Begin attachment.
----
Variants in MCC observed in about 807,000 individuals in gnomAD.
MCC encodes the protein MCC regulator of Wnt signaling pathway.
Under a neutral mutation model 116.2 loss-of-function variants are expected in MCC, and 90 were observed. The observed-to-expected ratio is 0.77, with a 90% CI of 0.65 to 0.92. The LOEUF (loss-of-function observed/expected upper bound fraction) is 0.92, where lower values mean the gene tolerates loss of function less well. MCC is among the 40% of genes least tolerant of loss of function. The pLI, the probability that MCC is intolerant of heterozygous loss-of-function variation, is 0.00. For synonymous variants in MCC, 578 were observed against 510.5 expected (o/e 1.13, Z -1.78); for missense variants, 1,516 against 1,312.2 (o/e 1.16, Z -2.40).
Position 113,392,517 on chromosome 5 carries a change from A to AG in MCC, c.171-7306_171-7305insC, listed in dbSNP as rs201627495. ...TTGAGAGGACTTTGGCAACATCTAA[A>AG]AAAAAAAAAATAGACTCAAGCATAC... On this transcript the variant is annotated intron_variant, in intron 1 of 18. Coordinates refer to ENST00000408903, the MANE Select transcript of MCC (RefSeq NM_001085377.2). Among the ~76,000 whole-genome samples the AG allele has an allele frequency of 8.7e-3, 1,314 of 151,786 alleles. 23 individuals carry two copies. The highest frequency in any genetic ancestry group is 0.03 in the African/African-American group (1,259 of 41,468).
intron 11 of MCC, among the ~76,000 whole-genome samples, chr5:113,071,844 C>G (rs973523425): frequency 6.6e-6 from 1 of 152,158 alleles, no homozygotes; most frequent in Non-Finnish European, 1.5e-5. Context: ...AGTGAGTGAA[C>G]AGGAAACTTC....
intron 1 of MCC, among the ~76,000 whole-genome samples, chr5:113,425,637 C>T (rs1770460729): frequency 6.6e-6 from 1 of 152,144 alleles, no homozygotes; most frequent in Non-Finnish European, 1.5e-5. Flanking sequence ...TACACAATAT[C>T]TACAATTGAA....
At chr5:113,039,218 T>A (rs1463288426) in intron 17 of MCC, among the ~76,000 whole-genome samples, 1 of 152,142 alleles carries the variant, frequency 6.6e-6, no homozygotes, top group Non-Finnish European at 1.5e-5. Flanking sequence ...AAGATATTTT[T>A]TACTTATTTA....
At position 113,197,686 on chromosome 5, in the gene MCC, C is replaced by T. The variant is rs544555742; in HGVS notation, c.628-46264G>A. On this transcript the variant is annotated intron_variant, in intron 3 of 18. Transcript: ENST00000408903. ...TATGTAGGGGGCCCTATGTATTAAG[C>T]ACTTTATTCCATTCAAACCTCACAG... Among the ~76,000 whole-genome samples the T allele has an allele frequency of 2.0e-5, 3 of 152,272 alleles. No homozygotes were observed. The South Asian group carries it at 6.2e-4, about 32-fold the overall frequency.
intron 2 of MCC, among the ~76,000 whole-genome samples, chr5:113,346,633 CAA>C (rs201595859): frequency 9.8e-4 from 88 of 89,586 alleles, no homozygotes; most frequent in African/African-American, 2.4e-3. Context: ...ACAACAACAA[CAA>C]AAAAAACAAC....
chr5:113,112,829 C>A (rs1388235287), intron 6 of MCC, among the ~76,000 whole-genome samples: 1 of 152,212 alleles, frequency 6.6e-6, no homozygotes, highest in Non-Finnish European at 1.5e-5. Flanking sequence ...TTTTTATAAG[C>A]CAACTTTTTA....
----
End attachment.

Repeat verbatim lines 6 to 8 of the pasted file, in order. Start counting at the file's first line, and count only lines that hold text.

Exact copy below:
intron 1 of MCC, among the ~76,000 whole-genome samples, chr5:113,425,637 C>T (rs1770460729): frequency 6.6e-6 from 1 of 152,144 alleles, no homozygotes; most frequent in Non-Finnish European, 1.5e-5. Flanking sequence ...TACACAATAT[C>T]TACAATTGAA....
At chr5:113,039,218 T>A (rs1463288426) in intron 17 of MCC, among the ~76,000 whole-genome samples, 1 of 152,142 alleles carries the variant, frequency 6.6e-6, no homozygotes, top group Non-Finnish European at 1.5e-5. Flanking sequence ...AAGATATTTT[T>A]TACTTATTTA....
At position 113,197,686 on chromosome 5, in the gene MCC, C is replaced by T. The variant is rs544555742; in HGVS notation, c.628-46264G>A. On this transcript the variant is annotated intron_variant, in intron 3 of 18. Transcript: ENST00000408903. ...TATGTAGGGGGCCCTATGTATTAAG[C>T]ACTTTATTCCATTCAAACCTCACAG... Among the ~76,000 whole-genome samples the T allele has an allele frequency of 2.0e-5, 3 of 152,272 alleles. No homozygotes were observed. The South Asian group carries it at 6.2e-4, about 32-fold the overall frequency.